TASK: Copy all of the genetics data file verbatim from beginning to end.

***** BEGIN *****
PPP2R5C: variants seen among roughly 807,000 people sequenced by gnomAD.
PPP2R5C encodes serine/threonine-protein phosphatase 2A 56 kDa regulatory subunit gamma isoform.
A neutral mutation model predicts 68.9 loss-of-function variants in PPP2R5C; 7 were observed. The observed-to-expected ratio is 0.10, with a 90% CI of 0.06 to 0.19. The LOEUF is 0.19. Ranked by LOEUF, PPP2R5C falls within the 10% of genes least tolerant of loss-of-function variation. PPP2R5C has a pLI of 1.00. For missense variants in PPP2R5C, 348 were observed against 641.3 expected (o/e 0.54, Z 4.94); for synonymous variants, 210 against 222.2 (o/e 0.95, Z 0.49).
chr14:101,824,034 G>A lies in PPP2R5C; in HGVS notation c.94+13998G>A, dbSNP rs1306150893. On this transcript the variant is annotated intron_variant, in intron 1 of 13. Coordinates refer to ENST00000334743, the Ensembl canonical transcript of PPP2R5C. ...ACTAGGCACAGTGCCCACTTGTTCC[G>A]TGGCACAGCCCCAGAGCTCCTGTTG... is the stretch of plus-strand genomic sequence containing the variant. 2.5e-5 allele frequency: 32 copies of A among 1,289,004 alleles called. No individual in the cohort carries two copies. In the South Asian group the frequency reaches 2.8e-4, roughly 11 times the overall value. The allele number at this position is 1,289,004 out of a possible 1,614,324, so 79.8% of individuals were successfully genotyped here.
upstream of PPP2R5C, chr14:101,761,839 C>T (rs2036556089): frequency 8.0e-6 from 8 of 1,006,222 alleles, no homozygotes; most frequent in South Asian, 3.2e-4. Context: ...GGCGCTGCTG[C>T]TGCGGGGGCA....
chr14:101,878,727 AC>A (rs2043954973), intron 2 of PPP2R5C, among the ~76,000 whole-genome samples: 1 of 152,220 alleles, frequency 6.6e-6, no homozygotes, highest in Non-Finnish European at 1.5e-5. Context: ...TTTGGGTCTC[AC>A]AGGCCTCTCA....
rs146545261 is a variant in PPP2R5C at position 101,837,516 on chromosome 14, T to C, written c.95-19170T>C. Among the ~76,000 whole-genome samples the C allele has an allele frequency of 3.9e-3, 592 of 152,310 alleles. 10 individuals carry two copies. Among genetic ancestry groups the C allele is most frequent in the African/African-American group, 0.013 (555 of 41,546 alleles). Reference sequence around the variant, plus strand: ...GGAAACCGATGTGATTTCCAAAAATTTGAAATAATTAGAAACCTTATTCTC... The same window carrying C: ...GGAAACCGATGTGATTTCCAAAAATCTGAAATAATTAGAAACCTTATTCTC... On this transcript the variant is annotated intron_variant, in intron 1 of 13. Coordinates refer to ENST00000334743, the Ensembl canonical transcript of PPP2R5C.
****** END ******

PPP2R5C: variants seen among roughly 807,000 people sequenced by gnomAD.
PPP2R5C encodes serine/threonine-protein phosphatase 2A 56 kDa regulatory subunit gamma isoform.
A neutral mutation model predicts 68.9 loss-of-function variants in PPP2R5C; 7 were observed. The observed-to-expected ratio is 0.10, with a 90% CI of 0.06 to 0.19. The LOEUF is 0.19. Ranked by LOEUF, PPP2R5C falls within the 10% of genes least tolerant of loss-of-function variation. PPP2R5C has a pLI of 1.00. For missense variants in PPP2R5C, 348 were observed against 641.3 expected (o/e 0.54, Z 4.94); for synonymous variants, 210 against 222.2 (o/e 0.95, Z 0.49).
chr14:101,824,034 G>A lies in PPP2R5C; in HGVS notation c.94+13998G>A, dbSNP rs1306150893. On this transcript the variant is annotated intron_variant, in intron 1 of 13. Coordinates refer to ENST00000334743, the Ensembl canonical transcript of PPP2R5C. ...ACTAGGCACAGTGCCCACTTGTTCC[G>A]TGGCACAGCCCCAGAGCTCCTGTTG... is the stretch of plus-strand genomic sequence containing the variant. 2.5e-5 allele frequency: 32 copies of A among 1,289,004 alleles called. No individual in the cohort carries two copies. In the South Asian group the frequency reaches 2.8e-4, roughly 11 times the overall value. The allele number at this position is 1,289,004 out of a possible 1,614,324, so 79.8% of individuals were successfully genotyped here.
upstream of PPP2R5C, chr14:101,761,839 C>T (rs2036556089): frequency 8.0e-6 from 8 of 1,006,222 alleles, no homozygotes; most frequent in South Asian, 3.2e-4. Context: ...GGCGCTGCTG[C>T]TGCGGGGGCA....
chr14:101,878,727 AC>A (rs2043954973), intron 2 of PPP2R5C, among the ~76,000 whole-genome samples: 1 of 152,220 alleles, frequency 6.6e-6, no homozygotes, highest in Non-Finnish European at 1.5e-5. Context: ...TTTGGGTCTC[AC>A]AGGCCTCTCA....
rs146545261 is a variant in PPP2R5C at position 101,837,516 on chromosome 14, T to C, written c.95-19170T>C. Among the ~76,000 whole-genome samples the C allele has an allele frequency of 3.9e-3, 592 of 152,310 alleles. 10 individuals carry two copies. Among genetic ancestry groups the C allele is most frequent in the African/African-American group, 0.013 (555 of 41,546 alleles). Reference sequence around the variant, plus strand: ...GGAAACCGATGTGATTTCCAAAAATTTGAAATAATTAGAAACCTTATTCTC... The same window carrying C: ...GGAAACCGATGTGATTTCCAAAAATCTGAAATAATTAGAAACCTTATTCTC... On this transcript the variant is annotated intron_variant, in intron 1 of 13. Coordinates refer to ENST00000334743, the Ensembl canonical transcript of PPP2R5C.